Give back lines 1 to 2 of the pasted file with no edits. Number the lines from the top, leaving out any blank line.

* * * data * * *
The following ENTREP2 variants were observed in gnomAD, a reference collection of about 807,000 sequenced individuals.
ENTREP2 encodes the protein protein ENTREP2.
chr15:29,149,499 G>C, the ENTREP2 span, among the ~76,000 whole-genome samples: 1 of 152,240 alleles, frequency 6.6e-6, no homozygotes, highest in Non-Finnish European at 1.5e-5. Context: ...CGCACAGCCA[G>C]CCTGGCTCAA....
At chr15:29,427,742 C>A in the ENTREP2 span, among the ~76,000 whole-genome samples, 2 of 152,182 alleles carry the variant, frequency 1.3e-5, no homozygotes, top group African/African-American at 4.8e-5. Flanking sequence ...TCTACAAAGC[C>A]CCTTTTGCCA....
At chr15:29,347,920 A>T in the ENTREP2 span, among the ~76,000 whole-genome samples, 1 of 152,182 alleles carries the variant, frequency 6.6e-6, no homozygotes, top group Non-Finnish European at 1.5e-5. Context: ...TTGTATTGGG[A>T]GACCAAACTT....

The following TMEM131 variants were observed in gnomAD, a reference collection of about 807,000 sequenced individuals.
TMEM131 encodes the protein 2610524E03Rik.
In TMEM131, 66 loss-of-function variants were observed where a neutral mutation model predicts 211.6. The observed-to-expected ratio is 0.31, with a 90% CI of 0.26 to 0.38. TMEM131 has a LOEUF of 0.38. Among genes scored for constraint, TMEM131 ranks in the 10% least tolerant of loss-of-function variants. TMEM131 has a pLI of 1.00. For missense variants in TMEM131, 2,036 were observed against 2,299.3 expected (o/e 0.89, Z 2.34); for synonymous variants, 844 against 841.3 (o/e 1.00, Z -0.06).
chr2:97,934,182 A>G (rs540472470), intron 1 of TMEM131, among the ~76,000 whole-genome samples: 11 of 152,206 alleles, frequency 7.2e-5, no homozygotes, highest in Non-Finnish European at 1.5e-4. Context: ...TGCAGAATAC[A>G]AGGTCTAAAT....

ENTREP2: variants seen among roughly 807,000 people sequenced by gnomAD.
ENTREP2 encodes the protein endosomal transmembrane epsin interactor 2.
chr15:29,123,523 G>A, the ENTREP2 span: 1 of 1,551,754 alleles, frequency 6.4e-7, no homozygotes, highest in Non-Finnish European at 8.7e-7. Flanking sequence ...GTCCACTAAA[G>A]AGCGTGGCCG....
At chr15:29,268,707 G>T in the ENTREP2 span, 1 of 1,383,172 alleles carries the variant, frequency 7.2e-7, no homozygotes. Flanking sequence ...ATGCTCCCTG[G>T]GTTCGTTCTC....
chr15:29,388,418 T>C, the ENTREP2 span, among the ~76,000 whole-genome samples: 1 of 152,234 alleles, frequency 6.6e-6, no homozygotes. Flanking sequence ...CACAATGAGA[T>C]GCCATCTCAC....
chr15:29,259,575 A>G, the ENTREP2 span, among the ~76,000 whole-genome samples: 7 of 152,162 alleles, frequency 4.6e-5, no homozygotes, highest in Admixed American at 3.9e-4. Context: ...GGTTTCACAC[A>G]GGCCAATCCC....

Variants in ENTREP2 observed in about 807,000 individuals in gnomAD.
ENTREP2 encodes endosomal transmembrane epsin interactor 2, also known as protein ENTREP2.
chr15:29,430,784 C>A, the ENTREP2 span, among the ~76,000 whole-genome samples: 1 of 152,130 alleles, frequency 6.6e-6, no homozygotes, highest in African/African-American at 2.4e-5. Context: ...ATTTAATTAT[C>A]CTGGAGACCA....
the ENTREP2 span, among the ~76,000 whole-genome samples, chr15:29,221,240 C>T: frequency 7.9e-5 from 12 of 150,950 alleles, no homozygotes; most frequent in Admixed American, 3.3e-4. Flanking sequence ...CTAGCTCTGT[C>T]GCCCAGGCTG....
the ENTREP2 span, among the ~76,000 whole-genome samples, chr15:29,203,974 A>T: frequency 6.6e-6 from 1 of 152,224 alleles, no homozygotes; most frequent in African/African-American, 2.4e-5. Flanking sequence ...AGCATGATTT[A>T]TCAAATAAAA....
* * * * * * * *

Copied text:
The following ENTREP2 variants were observed in gnomAD, a reference collection of about 807,000 sequenced individuals.
ENTREP2 encodes the protein protein ENTREP2.